Approximately 23,000 incarcerated adults are released from the State of Delaware Department of Correction (DOC) facilities annually. Seventy-six percent of those who are released from DOC facilities are rearrested within three years. Sixty-eight percent of those released had a reconviction and sixty-five percent had a recommitment. Delaware’s percentage of probationers is approximately forty-six percent higher than the national average, and its percentage of incarcerated adults is approximately twelve percent higher than the national average. Reentry reforms in Executive Order #27 are intended to directly confront Delaware’s high rate of recidivism.

“The Delaware Criminal Justice Council is excited to work with Governor Carney and the newly-established commission to build on the continuing work of improving reentry services to all justice involved individuals,” said Christian Kervick, Executive Director of the Delaware Criminal Justice Council. “This Executive Order includes best practices and reforms to improve our Criminal Justice System and increase public safety throughout the State.”

The Delaware Correctional Reentry Commission will consist of members of the Governor’s Cabinet, the Chief Judge of the Court of Common Pleas, the Attorney General and others who work closely on this issue, including the Executive Director of the Criminal Justice Council. This Commission will oversee implementation and further develop the State’s comprehensive strategic reentry initiatives, ensuring that federal, state, and local resources are used most efficiently to reduce duplicative reentry services and align with the application of evidence-based approaches.

“Ninety-eight percent of the people who enter Delaware prisons will return to the community. They are our neighbors. We live, shop, and work in the same community,” said Adam Balick, Chair of the newly-created Delaware Correctional Reentry Commission. “It is in all of our interests to give them the tools they need to succeed when they return to our community. We know the factors that lead to recidivism. Homelessness, unemployment, drug addiction, among other things. We can lower recidivism rates in Delaware by helping these men and women reintegrate successfully.”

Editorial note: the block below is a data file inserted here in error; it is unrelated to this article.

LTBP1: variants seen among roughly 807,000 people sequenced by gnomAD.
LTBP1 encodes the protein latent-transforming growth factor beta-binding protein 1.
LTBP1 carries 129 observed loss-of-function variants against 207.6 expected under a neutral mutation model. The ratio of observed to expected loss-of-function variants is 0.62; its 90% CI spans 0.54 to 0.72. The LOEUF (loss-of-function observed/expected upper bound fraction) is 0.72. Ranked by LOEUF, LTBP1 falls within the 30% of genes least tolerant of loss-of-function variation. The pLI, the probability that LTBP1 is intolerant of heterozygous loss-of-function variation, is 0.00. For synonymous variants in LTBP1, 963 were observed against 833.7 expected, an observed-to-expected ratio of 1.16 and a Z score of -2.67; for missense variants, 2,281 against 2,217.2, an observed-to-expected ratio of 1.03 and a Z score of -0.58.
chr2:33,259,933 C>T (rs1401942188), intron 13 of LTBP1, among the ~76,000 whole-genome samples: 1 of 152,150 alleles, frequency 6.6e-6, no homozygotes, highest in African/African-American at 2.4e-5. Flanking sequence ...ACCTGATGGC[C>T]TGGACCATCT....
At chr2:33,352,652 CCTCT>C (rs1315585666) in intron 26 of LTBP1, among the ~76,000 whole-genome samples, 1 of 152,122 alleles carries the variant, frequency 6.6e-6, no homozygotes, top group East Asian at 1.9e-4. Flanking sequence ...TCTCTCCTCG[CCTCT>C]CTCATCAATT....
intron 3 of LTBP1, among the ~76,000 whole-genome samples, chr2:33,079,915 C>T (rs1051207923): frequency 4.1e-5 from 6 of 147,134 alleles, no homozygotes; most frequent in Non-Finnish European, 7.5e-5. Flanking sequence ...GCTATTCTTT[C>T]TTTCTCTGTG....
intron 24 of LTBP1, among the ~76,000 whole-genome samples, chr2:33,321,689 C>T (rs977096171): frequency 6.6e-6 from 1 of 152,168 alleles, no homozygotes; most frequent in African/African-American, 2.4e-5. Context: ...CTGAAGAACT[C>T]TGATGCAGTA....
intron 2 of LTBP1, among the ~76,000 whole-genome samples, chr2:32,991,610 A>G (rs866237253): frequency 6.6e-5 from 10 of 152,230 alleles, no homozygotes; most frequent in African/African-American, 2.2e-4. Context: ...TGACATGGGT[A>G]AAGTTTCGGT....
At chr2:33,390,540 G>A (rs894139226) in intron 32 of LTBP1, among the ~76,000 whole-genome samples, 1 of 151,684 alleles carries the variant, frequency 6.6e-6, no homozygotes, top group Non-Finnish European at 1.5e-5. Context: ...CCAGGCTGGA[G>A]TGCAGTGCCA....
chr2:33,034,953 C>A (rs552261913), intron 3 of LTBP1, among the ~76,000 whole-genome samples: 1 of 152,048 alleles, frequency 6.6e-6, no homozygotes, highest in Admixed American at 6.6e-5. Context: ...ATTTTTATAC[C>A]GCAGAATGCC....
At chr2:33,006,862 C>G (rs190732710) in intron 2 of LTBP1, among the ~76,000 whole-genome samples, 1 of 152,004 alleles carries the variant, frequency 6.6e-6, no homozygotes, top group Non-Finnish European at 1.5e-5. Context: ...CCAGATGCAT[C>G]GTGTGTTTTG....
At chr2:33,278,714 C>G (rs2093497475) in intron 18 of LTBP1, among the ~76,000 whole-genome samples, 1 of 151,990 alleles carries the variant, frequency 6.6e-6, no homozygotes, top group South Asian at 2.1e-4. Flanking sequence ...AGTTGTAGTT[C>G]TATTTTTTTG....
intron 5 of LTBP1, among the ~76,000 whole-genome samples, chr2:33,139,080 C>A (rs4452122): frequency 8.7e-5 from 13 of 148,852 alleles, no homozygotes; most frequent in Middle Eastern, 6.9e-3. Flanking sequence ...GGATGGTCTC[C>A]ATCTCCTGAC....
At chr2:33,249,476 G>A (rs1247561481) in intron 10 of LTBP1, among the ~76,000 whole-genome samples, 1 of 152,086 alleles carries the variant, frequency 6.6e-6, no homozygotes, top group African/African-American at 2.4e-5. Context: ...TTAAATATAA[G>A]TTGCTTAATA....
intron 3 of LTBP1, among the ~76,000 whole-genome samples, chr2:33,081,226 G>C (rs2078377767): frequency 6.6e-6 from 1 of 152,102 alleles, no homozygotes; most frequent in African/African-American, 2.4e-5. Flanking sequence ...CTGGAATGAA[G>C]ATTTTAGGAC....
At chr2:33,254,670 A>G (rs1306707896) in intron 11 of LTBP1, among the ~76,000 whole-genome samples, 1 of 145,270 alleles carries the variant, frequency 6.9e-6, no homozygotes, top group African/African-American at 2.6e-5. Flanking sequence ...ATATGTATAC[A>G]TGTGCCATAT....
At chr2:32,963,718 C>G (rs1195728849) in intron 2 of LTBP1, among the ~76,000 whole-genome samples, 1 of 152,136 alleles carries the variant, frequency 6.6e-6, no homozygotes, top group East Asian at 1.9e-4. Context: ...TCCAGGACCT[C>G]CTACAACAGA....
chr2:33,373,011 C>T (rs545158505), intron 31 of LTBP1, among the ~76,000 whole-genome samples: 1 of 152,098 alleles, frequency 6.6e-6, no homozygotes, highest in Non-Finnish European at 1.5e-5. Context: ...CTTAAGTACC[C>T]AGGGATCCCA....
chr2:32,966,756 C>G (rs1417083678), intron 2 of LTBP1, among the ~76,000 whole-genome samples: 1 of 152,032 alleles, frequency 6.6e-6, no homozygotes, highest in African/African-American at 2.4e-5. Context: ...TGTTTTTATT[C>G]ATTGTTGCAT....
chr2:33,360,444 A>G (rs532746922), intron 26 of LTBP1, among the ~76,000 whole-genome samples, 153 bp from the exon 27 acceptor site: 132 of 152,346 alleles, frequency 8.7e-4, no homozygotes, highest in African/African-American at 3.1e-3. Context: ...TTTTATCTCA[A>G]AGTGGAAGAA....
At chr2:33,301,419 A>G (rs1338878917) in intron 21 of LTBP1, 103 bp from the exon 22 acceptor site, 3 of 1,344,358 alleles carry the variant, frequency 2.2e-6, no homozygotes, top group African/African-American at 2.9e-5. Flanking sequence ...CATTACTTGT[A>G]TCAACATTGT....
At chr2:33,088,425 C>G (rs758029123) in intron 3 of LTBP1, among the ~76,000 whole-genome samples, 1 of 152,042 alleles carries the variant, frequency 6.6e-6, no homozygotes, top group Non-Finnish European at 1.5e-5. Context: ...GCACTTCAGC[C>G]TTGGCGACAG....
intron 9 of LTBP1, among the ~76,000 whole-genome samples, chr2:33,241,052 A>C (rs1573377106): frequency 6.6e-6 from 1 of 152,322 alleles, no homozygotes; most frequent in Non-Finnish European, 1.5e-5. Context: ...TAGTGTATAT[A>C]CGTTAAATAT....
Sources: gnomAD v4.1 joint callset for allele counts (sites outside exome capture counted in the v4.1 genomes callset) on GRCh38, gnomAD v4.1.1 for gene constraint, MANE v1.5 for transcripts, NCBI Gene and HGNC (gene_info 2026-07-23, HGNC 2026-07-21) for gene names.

This Executive Order also restructures the DOC Office of Research and Planning to the Office of Planning, Research and Reentry. This office will oversee the implementation and maintenance of the Commission’s initiatives from prison to community corrections centers to probation and parole to the community.

“The National Criminal Justice Association is extremely pleased to have worked with Governor Carney and his leadership team to advance prisoner reentry reform efforts in the State of Delaware,” said Chris Asplen, Executive Director of the National Criminal Justice Association. “This Executive Order represents over a year and a half of work by many committed, hard-working leaders from a myriad of disciplines and agencies who make up the steering committee and many working groups and community groups who are dedicated to increasing public safety by improving the state’s prisoner reentry process. This EO includes the many priorities identified in Delaware’s Prisoner Reentry Strategic Plan. We are grateful to our partners at the National Governor’s Association, our consultants and to the John and Laura Arnold Foundation for the support that made this work possible.”